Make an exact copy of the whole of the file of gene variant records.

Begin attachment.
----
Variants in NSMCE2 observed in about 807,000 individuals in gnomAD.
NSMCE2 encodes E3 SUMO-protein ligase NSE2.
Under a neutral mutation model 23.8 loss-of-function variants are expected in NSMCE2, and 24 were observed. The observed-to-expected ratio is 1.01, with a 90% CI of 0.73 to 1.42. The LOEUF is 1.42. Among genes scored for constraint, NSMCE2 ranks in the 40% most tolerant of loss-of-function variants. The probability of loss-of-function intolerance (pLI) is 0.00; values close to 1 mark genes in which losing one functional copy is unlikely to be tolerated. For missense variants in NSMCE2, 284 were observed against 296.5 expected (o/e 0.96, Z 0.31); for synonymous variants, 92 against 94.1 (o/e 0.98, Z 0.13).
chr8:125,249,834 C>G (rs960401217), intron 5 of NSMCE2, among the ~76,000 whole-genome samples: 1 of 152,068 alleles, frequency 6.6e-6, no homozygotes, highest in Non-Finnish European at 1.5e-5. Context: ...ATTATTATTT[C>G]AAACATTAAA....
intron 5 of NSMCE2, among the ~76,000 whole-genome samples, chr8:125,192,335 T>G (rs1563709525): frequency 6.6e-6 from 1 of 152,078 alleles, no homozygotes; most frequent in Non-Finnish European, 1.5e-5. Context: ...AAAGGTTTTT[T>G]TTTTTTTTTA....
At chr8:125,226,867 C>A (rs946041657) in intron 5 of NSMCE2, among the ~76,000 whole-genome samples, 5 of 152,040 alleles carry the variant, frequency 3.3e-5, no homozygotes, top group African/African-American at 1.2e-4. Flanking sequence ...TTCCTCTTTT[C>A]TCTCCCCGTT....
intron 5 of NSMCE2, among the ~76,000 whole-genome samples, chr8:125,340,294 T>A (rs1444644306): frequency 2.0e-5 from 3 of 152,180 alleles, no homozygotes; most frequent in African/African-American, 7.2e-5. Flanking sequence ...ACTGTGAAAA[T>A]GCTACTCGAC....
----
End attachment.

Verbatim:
Variants in NSMCE2 observed in about 807,000 individuals in gnomAD.
NSMCE2 encodes E3 SUMO-protein ligase NSE2.
Under a neutral mutation model 23.8 loss-of-function variants are expected in NSMCE2, and 24 were observed. The observed-to-expected ratio is 1.01, with a 90% CI of 0.73 to 1.42. The LOEUF is 1.42. Among genes scored for constraint, NSMCE2 ranks in the 40% most tolerant of loss-of-function variants. The probability of loss-of-function intolerance (pLI) is 0.00; values close to 1 mark genes in which losing one functional copy is unlikely to be tolerated. For missense variants in NSMCE2, 284 were observed against 296.5 expected (o/e 0.96, Z 0.31); for synonymous variants, 92 against 94.1 (o/e 0.98, Z 0.13).
chr8:125,249,834 C>G (rs960401217), intron 5 of NSMCE2, among the ~76,000 whole-genome samples: 1 of 152,068 alleles, frequency 6.6e-6, no homozygotes, highest in Non-Finnish European at 1.5e-5. Context: ...ATTATTATTT[C>G]AAACATTAAA....
intron 5 of NSMCE2, among the ~76,000 whole-genome samples, chr8:125,192,335 T>G (rs1563709525): frequency 6.6e-6 from 1 of 152,078 alleles, no homozygotes; most frequent in Non-Finnish European, 1.5e-5. Context: ...AAAGGTTTTT[T>G]TTTTTTTTTA....
At chr8:125,226,867 C>A (rs946041657) in intron 5 of NSMCE2, among the ~76,000 whole-genome samples, 5 of 152,040 alleles carry the variant, frequency 3.3e-5, no homozygotes, top group African/African-American at 1.2e-4. Flanking sequence ...TTCCTCTTTT[C>A]TCTCCCCGTT....
intron 5 of NSMCE2, among the ~76,000 whole-genome samples, chr8:125,340,294 T>A (rs1444644306): frequency 2.0e-5 from 3 of 152,180 alleles, no homozygotes; most frequent in African/African-American, 7.2e-5. Flanking sequence ...ACTGTGAAAA[T>A]GCTACTCGAC....